Effective Organization for Nonfiction Book

When organizing your book, you want to think about chapter order, whether you want to use sections or not, where and when to use headings, and how to connect paragraphs and ideas together.


Chapter Order



Organize your chapters by theme or by progression, depending on your topic. If concepts build on each other and need to be done in a certain order, then go with progression. Otherwise, focus on grouping like-themes together.


When you group by theme, you may consider grouping the chapters in sections, though you do not have to.


You can also group do both: progressive and themes. So have thematic sections, and then the chapters within each section are in progressive order.






Compare the original chapter and subheadings order to the edited chapter and subheadings order in a how-to book:


Chapter 1: Put Together a Launch Team
▪ Email
▪ Private Facebook Groups
▪ Public Facebook Page

Chapter 2: Reaching Out to Your Network
▪ L-6 Months
▪ L-3 Months
▪ L-30 Days
▪ On Launch Day
▪ L + 1 Day
▪ L + 2 Days

Chapter 3: Publicity
▪ Local Publicity
▪ Local Radio/TV Shows
▪ The pitch
▪ Pitching to Influencers
▪ Keeping Track of It All
▪ Kickstarter Promotions
▪ Where We Went Wrong

Chapter 4: Reward Levels

Chapter 5: Running the Numbers
▪ Phases
▪ Idea Phase
▪ Pre-Prototype Phase
▪ Prototype Phase
▪ 80 percent solution phase
▪ Ready Go-Go- Phase (100 percent phase)
▪ The Video
▪ A ton of subsections
▪ Promotions
▪ Calculate Your Kickstarter Goal
▪ Talking to Vendors
▪ How to Find Vendors

Chapter 6: Campaign Descriptions

Chapter 7: Preparing for Launch
▪ Research and Back Active Campaigns
▪ Launch Team Contributors
▪ A Week before Launch
▪ Day before Launch

Chapter 8: Post Campaign
▪ Prepare for Handoff Points
▪ A Word About Distributors

Chapter 9: When Things Go Wrong

Chapter 10: Stretch Goals

Section 1: Where are you at?
▪ Chapter 1: Phases (Used to be in the reward levels chapter)
▪ Idea Phase
▪ Pre-Prototype Phase
▪ Prototype Phase
▪ 80 percent solution phase
▪ Ready Go-Go- Phase (100 percent phase)

Section 2: Marketing and Promoting the Kickstarter Campaign
▪ Chapter 2: Putting Together a Launch Team
▪ Ask People to Join Your Launch Team (used to be after choosing a platform)
▪ Choosing a Platform (made a new heading to group these under)
▪ Email
▪ Private Facebook groups
▪ Stay in Contact
▪ Chapter 3: Public Facebook Page (made it its own chapter, as it didn’t relate to putting launch team together)
▪ Chapter 4: Reaching out to Your Network
▪ Kept all the same subheads
▪ Chapter 5: Publicity
▪ Connecting with Influencers (created this heading to group subtopics together)
▪ Find them
▪ Build a relationship with them
▪ Make the pitch (split the content of this section from influencers to local publicity)
▪ Time to get the word out
▪ Local Publicity
▪ Find local radio/TV shows to contact
▪ Make the pitch
▪ Kickstarter Promotions
▪ Where we Went Wrong

Section 3: Putting Your Campaign Together
▪ Chapter 6: Reward Levels
▪ Chapter 7: Stretch Goals (Used to be one of the last chapters, but it is part of creating the campaign)
▪ Chapter 8: The Video (Used to be a subsection in “Running the numbers.”)
▪ Used the same subheadings but created a few more
▪ Chapter 9: Campaign Descriptions (Used to be after “running numbers”)

Section 4: Calculating Costs and Working with Vendors
▪ Chapter 10: Vendors (Used to be subsection in “Running the numbers”)
▪ Finding Vendors (Used to be after contacting vendors)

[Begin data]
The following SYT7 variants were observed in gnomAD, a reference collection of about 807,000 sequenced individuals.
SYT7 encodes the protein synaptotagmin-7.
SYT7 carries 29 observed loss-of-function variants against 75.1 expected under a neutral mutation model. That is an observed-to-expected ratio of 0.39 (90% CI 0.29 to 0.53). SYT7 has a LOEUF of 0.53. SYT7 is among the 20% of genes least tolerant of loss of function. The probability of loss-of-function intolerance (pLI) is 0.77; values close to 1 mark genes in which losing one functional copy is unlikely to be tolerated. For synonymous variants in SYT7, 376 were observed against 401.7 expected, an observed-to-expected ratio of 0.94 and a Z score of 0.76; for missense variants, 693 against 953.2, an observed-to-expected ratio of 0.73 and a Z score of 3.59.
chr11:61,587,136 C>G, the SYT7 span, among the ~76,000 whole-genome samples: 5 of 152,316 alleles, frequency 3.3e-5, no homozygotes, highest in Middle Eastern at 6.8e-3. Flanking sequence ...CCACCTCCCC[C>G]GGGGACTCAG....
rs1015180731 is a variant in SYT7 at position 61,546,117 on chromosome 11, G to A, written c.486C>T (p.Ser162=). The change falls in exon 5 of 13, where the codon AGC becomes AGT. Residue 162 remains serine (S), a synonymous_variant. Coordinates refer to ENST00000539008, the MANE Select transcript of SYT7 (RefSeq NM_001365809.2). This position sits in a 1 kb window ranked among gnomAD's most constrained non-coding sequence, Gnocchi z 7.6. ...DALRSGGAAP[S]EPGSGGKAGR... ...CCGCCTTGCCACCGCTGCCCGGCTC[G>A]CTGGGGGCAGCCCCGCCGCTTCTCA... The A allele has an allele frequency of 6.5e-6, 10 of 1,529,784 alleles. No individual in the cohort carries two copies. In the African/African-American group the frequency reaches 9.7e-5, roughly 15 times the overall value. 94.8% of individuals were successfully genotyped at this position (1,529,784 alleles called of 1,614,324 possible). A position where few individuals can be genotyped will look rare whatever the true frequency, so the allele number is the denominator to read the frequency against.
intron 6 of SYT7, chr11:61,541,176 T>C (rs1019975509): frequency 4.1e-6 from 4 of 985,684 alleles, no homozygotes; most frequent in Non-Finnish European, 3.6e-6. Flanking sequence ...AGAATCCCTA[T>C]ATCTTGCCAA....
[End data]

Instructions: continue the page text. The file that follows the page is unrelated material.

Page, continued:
▪ Contacting Vendors
▪ Items to Note
▪ Chapter 11: Running the Numbers (Used to be after Rewards and before Campaign Descriptions)
▪ Promotions
▪ Calculate Your Kickstarter Goal
▪ Price Your Rewards
Section 5: Preparing For Launch
▪ Chapter 12: (all the same content)
Section 6: Post Campaign
▪ Chapter 13: If You Didn’t Reach Your Goal
▪ Chapter 14: If You Did Reach Your Goal
▪ Touch Base with Your Points of Contact
▪ Prepare for Handoff Points
▪ Gearing up for Shipping
▪ Chapter 15: When Things Go Wrong





The edited order took both a thematic and progressive approach.


Since creating the product through all the phases is the first thing they need to do, I moved that from the original chapter 5 to chapter 1.


The order for the original first three chapters were perfectly progressive in nature, so I kept them in the same order, but grouped them thematically underneath a section heading. The only chapter change I made here was to create a new chapter since the content about a public Facebook page didn’t relate to putting together a launch team, so it didn’t make sense to have them in the same chapter.

The original chapters 4 through 6 were in a random order. The order didn’t seem thematic or progressive.


Since chapters 4 and 6 were pieces of the actual campaign, I grouped them in a section about creating the campaign. I also pulled in the original last chapter of the whole book (“Stretch Goals”) into this section since it is also part of creating the campaign.

Chapter 5 (“Running the Numbers”) was originally quite long, and the video section gave tips on creating and making the video, which had nothing to do with running the numbers. So I made the video section its own chapter in the “Creating the Campaign” section. 

The rest of the sections in chapter 5 were about numbers, then vendors. I grouped them in the next section, but switched the order since they needed to know the vendors they were using to accurately run the numbers.

The original chapters 7 through 9 were progressively in order. I just split chapter 8 into two since it had two distinct topics with subtopics in it. 



Various Leveled Headings



Not all nonfiction books will need headings and subheadings, but most could benefit from them.

Headings are a quick way to transition between significant ideas. Sure, you could write a transition, but then that requires a lot more words, and this could bog down the reading experience.

No one wants to continuously read sentences showing the connection between the ideas before getting to the new idea.

So headings help!





Consistency with headings isn’t as rigid as to say every chapter has to have headings or headings shouldn’t be used in any chapter. Consistency means that it is mostly the same.